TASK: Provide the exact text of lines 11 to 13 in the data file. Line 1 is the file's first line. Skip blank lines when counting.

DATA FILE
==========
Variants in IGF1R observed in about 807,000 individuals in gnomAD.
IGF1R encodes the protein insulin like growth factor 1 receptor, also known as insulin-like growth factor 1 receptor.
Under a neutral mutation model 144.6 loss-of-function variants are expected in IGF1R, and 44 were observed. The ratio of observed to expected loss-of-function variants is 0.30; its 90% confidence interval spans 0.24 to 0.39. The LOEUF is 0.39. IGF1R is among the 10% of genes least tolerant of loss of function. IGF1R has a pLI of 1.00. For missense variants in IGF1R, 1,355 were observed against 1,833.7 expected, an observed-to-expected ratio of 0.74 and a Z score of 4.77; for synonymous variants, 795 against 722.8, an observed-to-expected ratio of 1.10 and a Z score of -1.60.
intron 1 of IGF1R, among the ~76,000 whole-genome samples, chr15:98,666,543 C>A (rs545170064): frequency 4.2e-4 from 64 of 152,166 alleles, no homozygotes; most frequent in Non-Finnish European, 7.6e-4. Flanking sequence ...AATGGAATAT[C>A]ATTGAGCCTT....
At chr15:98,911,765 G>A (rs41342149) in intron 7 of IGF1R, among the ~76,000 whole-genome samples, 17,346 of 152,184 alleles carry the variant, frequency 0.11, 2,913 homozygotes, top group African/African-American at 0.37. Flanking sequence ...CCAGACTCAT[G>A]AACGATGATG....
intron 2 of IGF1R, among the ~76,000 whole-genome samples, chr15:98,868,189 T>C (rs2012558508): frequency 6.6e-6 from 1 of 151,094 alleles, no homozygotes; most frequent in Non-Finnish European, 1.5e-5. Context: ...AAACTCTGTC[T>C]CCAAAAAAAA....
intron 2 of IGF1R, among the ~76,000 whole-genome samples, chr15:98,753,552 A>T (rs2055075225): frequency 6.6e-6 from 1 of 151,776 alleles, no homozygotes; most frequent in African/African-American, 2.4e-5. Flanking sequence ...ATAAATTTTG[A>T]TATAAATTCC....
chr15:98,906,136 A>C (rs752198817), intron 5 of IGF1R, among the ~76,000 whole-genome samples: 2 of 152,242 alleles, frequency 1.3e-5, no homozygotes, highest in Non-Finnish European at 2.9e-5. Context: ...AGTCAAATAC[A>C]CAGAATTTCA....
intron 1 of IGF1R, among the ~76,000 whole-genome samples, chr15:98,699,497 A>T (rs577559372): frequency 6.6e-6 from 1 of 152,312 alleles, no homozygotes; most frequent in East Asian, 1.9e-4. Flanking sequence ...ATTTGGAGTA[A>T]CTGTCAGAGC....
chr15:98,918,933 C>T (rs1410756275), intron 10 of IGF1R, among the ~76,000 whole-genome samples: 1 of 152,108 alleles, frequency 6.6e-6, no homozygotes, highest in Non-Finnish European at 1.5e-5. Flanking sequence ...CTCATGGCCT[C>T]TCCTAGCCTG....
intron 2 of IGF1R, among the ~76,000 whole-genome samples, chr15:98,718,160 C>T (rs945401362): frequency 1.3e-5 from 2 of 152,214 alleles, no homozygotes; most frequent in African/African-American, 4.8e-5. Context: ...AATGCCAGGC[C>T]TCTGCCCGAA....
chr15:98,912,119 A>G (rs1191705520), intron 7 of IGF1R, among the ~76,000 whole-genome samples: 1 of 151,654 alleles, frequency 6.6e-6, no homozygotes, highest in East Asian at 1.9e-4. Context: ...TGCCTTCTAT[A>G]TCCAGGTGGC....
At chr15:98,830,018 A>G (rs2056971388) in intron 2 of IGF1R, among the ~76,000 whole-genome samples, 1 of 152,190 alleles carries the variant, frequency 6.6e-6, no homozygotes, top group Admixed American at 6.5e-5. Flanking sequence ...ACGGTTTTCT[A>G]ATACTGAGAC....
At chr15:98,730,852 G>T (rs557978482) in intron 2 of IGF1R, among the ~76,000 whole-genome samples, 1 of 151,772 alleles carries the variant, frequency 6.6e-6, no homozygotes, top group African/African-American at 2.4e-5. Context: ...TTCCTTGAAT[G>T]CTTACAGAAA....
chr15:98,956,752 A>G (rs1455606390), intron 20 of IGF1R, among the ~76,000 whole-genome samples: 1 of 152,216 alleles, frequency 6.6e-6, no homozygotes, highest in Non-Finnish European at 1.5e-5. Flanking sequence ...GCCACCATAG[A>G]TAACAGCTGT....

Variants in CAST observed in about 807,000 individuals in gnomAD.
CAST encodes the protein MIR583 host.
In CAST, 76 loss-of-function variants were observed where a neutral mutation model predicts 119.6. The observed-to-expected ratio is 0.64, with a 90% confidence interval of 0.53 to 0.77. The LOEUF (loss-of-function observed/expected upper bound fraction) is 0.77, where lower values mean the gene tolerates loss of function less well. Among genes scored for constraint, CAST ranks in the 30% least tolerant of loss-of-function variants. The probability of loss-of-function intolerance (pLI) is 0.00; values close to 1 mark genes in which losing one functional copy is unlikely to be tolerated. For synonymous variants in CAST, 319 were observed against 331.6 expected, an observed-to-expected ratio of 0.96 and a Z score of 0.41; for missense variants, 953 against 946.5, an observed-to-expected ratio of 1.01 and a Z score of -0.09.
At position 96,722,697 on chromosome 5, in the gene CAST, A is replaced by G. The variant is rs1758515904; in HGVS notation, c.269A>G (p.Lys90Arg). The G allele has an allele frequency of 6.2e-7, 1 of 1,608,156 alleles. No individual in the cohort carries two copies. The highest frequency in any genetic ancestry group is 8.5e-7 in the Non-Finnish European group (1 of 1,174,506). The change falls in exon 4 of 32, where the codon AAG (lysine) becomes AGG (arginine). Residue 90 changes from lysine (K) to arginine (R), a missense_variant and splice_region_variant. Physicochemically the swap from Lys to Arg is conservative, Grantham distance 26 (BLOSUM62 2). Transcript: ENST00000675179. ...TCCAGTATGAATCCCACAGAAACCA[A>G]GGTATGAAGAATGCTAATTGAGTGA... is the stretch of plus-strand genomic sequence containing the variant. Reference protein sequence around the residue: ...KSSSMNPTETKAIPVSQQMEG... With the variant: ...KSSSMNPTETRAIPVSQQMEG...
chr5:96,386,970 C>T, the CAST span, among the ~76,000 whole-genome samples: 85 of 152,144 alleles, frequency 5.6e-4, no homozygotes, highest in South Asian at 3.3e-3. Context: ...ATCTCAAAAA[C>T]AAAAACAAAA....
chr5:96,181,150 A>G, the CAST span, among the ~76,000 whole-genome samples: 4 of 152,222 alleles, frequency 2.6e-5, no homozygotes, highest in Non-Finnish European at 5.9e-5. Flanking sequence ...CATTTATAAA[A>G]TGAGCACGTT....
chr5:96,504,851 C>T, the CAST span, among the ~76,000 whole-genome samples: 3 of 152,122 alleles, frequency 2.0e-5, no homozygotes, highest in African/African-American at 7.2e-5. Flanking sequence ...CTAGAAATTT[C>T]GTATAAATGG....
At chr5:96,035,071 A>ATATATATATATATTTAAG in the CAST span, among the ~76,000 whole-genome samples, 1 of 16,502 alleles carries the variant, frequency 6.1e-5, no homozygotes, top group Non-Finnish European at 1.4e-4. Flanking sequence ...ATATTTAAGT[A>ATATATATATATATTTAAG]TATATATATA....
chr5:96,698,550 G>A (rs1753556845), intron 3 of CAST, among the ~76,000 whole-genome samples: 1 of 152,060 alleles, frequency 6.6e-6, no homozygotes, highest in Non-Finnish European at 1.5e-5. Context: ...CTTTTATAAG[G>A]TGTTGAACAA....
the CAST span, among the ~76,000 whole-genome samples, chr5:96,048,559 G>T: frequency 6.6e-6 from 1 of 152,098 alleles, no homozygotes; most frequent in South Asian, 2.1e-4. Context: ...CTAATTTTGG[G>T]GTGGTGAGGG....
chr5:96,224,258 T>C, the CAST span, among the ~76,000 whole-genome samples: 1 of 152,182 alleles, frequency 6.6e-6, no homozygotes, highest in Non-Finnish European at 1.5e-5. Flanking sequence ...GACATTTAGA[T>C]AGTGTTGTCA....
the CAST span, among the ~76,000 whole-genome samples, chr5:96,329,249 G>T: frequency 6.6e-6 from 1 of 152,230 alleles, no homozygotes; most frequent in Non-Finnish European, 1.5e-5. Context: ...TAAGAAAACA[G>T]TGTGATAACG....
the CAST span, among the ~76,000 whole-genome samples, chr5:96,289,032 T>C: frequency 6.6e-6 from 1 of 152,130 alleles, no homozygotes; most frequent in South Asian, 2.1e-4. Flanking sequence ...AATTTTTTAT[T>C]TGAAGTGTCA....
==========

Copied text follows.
intron 2 of IGF1R, among the ~76,000 whole-genome samples, chr15:98,718,160 C>T (rs945401362): frequency 1.3e-5 from 2 of 152,214 alleles, no homozygotes; most frequent in African/African-American, 4.8e-5. Context: ...AATGCCAGGC[C>T]TCTGCCCGAA....
chr15:98,912,119 A>G (rs1191705520), intron 7 of IGF1R, among the ~76,000 whole-genome samples: 1 of 151,654 alleles, frequency 6.6e-6, no homozygotes, highest in East Asian at 1.9e-4. Context: ...TGCCTTCTAT[A>G]TCCAGGTGGC....
At chr15:98,830,018 A>G (rs2056971388) in intron 2 of IGF1R, among the ~76,000 whole-genome samples, 1 of 152,190 alleles carries the variant, frequency 6.6e-6, no homozygotes, top group Admixed American at 6.5e-5. Flanking sequence ...ACGGTTTTCT[A>G]ATACTGAGAC....